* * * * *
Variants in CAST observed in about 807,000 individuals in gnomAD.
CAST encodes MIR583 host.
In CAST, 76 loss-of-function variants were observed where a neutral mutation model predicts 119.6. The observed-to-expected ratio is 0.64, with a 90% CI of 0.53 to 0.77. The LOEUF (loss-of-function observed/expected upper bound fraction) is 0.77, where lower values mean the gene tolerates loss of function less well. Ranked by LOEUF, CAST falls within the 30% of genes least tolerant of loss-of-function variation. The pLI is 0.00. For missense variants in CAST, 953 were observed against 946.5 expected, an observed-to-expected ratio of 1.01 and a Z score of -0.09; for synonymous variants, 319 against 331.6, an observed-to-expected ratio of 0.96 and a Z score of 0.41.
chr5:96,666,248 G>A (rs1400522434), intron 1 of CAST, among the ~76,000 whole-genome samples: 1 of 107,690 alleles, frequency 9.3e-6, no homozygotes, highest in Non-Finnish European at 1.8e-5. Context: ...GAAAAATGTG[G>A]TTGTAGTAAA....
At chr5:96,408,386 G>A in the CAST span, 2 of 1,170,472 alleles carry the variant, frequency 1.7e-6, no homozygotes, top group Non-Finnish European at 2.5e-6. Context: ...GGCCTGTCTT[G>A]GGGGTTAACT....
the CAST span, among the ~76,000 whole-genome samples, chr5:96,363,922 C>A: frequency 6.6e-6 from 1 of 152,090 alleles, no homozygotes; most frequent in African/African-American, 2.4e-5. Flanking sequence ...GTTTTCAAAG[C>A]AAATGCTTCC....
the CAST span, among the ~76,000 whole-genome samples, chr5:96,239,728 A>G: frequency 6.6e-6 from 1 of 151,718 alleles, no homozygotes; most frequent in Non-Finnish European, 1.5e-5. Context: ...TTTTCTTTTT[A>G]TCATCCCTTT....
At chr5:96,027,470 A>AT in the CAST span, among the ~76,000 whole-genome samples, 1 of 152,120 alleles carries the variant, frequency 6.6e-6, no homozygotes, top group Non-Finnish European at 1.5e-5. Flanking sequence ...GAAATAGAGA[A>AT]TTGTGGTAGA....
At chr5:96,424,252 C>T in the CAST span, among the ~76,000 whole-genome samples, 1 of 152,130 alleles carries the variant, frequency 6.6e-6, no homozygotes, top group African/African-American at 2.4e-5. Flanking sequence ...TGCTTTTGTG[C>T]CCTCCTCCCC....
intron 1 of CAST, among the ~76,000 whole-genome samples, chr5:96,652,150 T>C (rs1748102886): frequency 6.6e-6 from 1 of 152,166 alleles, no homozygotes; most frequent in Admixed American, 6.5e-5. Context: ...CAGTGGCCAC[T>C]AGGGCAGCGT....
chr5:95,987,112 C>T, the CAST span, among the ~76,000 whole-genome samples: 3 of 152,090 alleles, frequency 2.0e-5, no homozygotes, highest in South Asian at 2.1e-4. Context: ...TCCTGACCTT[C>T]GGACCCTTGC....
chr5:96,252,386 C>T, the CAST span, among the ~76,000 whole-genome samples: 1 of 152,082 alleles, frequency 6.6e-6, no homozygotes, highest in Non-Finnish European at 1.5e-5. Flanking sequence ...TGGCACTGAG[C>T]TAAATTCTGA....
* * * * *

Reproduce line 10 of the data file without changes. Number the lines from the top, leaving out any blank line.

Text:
intron 1 of CAST, among the ~76,000 whole-genome samples, chr5:96,652,150 T>C (rs1748102886): frequency 6.6e-6 from 1 of 152,166 alleles, no homozygotes; most frequent in Admixed American, 6.5e-5. Context: ...CAGTGGCCAC[T>C]AGGGCAGCGT....